Can the Weather Affect My Asthma?

If you are someone who suffers from asthma, you may have noticed that your symptoms become worse during certain types of weather. This is not a coincidence! Different climates can result in allergy and asthma triggers, and exacerbate symptoms.

Avoiding your triggers is ideal in preventing an asthma attack, but it is not always practical. Understanding why certain weather may be affecting you will help you take the proper precautions.

Let’s take a look at how different types of weather could be affecting your asthma:

Heat & Humidity

There are a few theories as to why the heat and humidity of summer can trigger asthma symptoms. One belief is that hot air holds more water than cold air and can be heavier and more difficult to breathe.

Another theory is that the heat and sunlight make pollution worse by mixing the chemical in the air and producing smog.

Summertime also brings a rise in pollen counts which can affect those with allergy-induced asthma.

Your air conditioner keeps the air inside your home cool and filters out irritants. If the humidity in your house is high, you may want to consider a dehumidifier.

If you must be outside, try to do so early in the morning or in the evening when it is less humid.

Cold, Dry Air

The cold, dry air of winter narrows the airways, making it difficult and even painful to breathe. This can especially affect exercise-induced asthma.

It is a common misconception that colds are caused by cold weather.

It is not actually the weather itself that is causing the cold, but you may be more prone to illness because you are in a warm, indoor environment more often - the perfect breeding ground for bacteria.

A respiratory illness itself can trigger asthma. Mouth breathing due to clogged sinuses may make it even worse.

Keeping a scarf over your mouth will warm and humidify the air you breathe when you are outdoors and help prevent airway constriction. Breathing through your nose also gives the cold air a little more time to warm up before making it to your lungs.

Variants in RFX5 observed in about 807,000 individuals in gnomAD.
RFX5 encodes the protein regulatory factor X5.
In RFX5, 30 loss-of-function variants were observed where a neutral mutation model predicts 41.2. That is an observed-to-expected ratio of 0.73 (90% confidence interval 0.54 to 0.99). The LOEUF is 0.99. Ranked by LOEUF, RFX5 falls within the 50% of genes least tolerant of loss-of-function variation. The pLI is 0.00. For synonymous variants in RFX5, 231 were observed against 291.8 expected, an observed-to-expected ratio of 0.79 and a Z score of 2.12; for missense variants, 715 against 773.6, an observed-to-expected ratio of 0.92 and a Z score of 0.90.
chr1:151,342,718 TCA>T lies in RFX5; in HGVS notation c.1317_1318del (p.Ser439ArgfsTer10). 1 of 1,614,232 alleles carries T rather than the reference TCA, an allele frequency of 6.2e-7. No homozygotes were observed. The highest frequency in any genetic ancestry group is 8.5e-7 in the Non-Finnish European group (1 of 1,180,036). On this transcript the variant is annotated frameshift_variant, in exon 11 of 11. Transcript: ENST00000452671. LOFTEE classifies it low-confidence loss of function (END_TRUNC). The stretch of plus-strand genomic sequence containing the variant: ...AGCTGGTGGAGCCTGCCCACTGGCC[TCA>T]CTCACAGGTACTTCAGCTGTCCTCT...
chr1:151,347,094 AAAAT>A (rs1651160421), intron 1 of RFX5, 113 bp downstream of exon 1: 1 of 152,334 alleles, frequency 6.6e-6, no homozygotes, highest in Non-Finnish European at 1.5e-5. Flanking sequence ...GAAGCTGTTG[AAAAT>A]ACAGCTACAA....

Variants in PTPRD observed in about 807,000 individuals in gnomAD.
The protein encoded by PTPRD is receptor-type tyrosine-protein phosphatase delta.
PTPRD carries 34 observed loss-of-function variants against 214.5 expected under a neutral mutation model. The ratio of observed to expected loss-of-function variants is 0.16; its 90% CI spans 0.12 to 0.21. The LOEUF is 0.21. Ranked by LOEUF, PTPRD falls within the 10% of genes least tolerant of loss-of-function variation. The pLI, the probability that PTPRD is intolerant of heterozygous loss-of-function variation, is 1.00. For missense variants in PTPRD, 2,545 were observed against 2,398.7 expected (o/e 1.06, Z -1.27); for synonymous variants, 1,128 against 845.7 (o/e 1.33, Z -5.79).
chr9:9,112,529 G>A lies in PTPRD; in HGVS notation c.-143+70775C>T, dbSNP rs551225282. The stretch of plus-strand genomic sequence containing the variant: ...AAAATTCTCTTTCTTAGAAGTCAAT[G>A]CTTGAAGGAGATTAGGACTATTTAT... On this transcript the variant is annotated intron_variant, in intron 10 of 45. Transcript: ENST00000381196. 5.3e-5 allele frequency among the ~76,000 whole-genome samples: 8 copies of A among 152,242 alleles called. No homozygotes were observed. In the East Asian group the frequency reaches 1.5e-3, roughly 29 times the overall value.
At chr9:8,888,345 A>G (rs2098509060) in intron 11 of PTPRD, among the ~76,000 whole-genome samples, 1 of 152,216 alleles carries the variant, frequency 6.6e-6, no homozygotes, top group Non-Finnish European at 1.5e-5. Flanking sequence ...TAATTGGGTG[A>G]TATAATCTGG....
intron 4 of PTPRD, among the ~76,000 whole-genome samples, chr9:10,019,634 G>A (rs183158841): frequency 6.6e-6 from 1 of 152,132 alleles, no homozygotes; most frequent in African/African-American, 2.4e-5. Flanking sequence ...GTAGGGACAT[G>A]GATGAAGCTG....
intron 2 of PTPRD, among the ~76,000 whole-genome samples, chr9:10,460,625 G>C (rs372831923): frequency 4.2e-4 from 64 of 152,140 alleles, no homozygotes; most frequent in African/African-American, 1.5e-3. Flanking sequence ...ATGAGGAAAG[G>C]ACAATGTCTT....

High Pollen Counts

All types of trees and plants give off pollen during the spring especially. An allergist will be able to help you determine which are triggers for you so that you can avoid them.

Regular medication, allergy shots, or both may also be needed to keep symptoms under control.

Thunderstorms

Severe thunderstorms are believed to trigger allergy and asthma symptoms.

Rain and lightning break the pollen into smaller pieces that, when carried by the strong winds, enter airways and trigger symptoms. It is so common that it is referred to as “thunderstorm asthma.” If your asthma is triggered by pollen, it would be wise to stay indoors during a thunderstorm, with windows closed.

Rain

A light rain can wash away potential allergens, and you may even feel some relief. However, wet weather can cause two other allergens - dust mites and mold - to thrive. If these are your triggers, it is important to manage your indoor air.

Replace air conditioning filters regularly, and make sure your more humid rooms, like your kitchen and bathroom, are well-ventilated to discourage mold growth.

Asthma & Allergy Care in Mississippi

If you suffer from asthma that worsens in certain weather conditions, it is important to have a plan of action.

The doctors at Mississippi Asthma & Allergy Clinic know that prevention of symptoms is the best form or treatment. We will work with you to figure out what scenarios trigger your symptoms so you can avoid them, as well as develop a routine care plan to keep asthma at bay. Schedule your appointment at one of our five convenient locations!